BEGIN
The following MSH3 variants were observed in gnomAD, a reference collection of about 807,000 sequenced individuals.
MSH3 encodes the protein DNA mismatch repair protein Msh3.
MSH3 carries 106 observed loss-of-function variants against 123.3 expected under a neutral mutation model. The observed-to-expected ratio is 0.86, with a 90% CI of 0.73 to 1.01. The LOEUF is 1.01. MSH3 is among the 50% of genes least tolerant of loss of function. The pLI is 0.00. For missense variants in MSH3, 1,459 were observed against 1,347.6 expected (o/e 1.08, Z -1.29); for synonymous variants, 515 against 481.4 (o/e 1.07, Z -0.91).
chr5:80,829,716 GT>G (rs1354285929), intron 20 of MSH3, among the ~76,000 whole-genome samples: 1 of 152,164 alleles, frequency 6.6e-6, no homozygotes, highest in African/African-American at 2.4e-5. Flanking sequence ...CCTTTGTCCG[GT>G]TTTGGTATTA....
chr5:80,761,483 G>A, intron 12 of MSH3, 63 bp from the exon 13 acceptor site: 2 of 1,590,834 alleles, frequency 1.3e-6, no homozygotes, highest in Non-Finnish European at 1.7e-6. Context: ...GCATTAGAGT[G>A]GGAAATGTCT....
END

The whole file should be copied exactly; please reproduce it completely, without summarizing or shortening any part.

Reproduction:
The following MSH3 variants were observed in gnomAD, a reference collection of about 807,000 sequenced individuals.
MSH3 encodes the protein DNA mismatch repair protein Msh3.
MSH3 carries 106 observed loss-of-function variants against 123.3 expected under a neutral mutation model. The observed-to-expected ratio is 0.86, with a 90% CI of 0.73 to 1.01. The LOEUF is 1.01. MSH3 is among the 50% of genes least tolerant of loss of function. The pLI is 0.00. For missense variants in MSH3, 1,459 were observed against 1,347.6 expected (o/e 1.08, Z -1.29); for synonymous variants, 515 against 481.4 (o/e 1.07, Z -0.91).
chr5:80,829,716 GT>G (rs1354285929), intron 20 of MSH3, among the ~76,000 whole-genome samples: 1 of 152,164 alleles, frequency 6.6e-6, no homozygotes, highest in African/African-American at 2.4e-5. Flanking sequence ...CCTTTGTCCG[GT>G]TTTGGTATTA....
chr5:80,761,483 G>A, intron 12 of MSH3, 63 bp from the exon 13 acceptor site: 2 of 1,590,834 alleles, frequency 1.3e-6, no homozygotes, highest in Non-Finnish European at 1.7e-6. Context: ...GCATTAGAGT[G>A]GGAAATGTCT....